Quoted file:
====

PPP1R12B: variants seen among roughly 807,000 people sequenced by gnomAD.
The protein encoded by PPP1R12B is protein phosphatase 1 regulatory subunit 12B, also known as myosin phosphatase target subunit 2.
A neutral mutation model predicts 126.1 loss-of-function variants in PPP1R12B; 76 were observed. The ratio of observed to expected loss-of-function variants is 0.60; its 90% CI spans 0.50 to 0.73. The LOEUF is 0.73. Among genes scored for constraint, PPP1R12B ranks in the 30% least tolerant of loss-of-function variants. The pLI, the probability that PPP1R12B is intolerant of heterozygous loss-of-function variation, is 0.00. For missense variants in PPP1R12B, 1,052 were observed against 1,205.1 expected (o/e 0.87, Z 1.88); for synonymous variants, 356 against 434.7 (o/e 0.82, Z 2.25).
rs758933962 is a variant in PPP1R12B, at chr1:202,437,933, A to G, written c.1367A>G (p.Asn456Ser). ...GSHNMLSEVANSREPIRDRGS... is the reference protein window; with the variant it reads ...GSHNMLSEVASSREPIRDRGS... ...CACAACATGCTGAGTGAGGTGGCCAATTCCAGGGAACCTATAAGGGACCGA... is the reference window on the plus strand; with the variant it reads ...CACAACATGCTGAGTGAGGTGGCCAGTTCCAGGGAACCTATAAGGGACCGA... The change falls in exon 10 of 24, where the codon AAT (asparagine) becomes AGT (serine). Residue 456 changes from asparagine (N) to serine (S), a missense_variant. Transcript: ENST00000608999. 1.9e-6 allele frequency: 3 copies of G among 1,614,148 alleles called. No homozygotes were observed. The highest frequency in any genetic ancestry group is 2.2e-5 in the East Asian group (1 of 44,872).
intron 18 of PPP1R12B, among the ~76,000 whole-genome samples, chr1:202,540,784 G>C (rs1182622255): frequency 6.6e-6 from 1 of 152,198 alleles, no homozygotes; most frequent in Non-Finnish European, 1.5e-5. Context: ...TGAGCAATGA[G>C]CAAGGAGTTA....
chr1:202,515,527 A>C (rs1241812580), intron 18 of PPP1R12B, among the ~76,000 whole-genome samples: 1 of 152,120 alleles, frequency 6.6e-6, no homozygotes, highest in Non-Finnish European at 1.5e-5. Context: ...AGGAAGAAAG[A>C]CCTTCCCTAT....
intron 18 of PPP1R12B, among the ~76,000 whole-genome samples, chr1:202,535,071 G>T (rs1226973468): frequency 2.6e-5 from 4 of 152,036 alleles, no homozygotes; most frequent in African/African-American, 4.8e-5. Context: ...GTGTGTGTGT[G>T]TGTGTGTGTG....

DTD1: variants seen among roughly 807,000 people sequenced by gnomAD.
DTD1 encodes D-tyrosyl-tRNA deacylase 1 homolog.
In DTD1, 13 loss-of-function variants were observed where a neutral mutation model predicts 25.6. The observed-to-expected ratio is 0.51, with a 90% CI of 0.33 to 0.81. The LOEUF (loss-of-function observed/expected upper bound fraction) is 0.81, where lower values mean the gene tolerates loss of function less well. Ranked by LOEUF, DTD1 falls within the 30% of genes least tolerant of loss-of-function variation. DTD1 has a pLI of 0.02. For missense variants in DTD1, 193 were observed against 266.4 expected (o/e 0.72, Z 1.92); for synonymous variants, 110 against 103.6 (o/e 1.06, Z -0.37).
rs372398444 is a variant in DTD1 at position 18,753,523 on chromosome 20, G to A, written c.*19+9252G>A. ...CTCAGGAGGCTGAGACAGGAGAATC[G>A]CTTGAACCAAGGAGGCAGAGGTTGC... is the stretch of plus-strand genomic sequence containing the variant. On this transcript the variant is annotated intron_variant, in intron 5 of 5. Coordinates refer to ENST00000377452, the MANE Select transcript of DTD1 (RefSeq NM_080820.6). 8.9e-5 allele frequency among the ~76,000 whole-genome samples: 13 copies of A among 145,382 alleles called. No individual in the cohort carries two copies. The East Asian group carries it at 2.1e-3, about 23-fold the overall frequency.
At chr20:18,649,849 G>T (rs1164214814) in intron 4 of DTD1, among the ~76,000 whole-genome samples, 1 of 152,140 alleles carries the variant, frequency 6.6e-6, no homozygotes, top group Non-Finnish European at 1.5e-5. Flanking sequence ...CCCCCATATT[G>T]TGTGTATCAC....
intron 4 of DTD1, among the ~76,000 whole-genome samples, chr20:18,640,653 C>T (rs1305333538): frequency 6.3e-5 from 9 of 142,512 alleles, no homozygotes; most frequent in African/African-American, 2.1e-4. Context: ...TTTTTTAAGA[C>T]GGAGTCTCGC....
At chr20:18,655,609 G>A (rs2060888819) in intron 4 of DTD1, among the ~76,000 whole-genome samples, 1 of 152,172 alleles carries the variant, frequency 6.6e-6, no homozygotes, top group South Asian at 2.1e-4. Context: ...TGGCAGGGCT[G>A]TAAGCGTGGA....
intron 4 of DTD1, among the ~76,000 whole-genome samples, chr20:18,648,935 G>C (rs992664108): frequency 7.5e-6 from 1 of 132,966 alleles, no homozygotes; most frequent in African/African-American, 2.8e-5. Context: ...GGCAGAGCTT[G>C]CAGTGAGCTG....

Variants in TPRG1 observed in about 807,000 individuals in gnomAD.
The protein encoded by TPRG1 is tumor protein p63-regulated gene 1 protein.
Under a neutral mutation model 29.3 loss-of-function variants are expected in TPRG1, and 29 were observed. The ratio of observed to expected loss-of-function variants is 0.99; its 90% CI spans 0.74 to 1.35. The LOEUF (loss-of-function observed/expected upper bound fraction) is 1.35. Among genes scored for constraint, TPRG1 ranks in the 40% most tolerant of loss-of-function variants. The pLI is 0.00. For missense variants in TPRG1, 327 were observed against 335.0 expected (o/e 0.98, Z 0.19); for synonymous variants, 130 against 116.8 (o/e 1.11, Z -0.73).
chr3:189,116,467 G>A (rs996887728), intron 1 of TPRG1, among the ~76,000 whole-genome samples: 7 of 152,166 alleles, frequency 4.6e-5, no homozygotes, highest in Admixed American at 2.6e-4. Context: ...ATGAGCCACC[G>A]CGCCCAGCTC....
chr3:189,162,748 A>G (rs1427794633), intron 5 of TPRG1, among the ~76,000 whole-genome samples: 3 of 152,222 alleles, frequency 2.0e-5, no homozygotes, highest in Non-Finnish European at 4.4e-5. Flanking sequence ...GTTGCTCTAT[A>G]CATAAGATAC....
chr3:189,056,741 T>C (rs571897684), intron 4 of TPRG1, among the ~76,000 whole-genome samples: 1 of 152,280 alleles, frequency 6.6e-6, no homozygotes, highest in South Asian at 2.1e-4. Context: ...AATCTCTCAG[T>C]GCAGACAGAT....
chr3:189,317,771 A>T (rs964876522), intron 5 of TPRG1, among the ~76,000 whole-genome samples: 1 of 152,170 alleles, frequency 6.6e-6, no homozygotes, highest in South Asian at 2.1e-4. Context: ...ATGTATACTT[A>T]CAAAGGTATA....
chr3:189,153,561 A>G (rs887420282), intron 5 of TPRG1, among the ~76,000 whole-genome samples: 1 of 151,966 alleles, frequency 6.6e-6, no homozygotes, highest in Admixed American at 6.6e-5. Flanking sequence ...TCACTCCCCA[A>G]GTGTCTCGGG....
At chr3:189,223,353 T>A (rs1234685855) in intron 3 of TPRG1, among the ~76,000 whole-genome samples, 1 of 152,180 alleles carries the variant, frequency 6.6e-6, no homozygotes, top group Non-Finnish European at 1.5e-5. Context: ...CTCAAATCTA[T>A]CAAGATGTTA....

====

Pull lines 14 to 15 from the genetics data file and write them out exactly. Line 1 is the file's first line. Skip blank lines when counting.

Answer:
At chr20:18,655,609 G>A (rs2060888819) in intron 4 of DTD1, among the ~76,000 whole-genome samples, 1 of 152,172 alleles carries the variant, frequency 6.6e-6, no homozygotes, top group South Asian at 2.1e-4. Context: ...TGGCAGGGCT[G>A]TAAGCGTGGA....
intron 4 of DTD1, among the ~76,000 whole-genome samples, chr20:18,648,935 G>C (rs992664108): frequency 7.5e-6 from 1 of 132,966 alleles, no homozygotes; most frequent in African/African-American, 2.8e-5. Context: ...GGCAGAGCTT[G>C]CAGTGAGCTG....